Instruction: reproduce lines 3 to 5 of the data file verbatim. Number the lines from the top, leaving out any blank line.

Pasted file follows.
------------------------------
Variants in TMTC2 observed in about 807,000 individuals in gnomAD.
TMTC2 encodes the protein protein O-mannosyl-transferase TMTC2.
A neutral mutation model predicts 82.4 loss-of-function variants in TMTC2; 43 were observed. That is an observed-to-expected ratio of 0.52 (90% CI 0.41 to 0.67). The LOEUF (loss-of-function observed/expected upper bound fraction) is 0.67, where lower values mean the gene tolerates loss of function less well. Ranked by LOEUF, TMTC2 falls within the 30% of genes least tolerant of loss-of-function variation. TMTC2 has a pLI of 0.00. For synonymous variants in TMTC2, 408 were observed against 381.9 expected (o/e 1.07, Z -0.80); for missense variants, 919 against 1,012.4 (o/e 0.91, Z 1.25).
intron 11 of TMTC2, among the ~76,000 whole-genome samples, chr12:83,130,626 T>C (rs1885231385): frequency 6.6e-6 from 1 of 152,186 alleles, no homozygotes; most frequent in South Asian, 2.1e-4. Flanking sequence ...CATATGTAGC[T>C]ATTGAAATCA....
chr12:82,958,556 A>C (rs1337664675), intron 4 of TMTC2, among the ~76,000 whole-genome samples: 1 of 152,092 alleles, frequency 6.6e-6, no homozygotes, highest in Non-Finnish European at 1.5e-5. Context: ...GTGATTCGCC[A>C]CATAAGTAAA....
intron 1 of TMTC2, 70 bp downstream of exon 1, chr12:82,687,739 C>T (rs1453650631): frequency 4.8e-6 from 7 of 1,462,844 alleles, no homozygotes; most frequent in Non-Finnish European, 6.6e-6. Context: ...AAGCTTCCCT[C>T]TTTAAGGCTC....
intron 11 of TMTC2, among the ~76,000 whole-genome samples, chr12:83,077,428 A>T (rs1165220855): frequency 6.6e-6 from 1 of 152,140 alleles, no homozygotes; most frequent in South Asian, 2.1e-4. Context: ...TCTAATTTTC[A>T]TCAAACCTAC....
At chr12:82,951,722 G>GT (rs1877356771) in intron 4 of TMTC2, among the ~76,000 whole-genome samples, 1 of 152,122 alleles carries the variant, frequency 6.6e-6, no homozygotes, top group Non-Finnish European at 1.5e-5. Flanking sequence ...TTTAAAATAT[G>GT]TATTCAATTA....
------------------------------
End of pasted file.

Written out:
A neutral mutation model predicts 82.4 loss-of-function variants in TMTC2; 43 were observed. That is an observed-to-expected ratio of 0.52 (90% CI 0.41 to 0.67). The LOEUF (loss-of-function observed/expected upper bound fraction) is 0.67, where lower values mean the gene tolerates loss of function less well. Ranked by LOEUF, TMTC2 falls within the 30% of genes least tolerant of loss-of-function variation. TMTC2 has a pLI of 0.00. For synonymous variants in TMTC2, 408 were observed against 381.9 expected (o/e 1.07, Z -0.80); for missense variants, 919 against 1,012.4 (o/e 0.91, Z 1.25).
intron 11 of TMTC2, among the ~76,000 whole-genome samples, chr12:83,130,626 T>C (rs1885231385): frequency 6.6e-6 from 1 of 152,186 alleles, no homozygotes; most frequent in South Asian, 2.1e-4. Flanking sequence ...CATATGTAGC[T>C]ATTGAAATCA....
chr12:82,958,556 A>C (rs1337664675), intron 4 of TMTC2, among the ~76,000 whole-genome samples: 1 of 152,092 alleles, frequency 6.6e-6, no homozygotes, highest in Non-Finnish European at 1.5e-5. Context: ...GTGATTCGCC[A>C]CATAAGTAAA....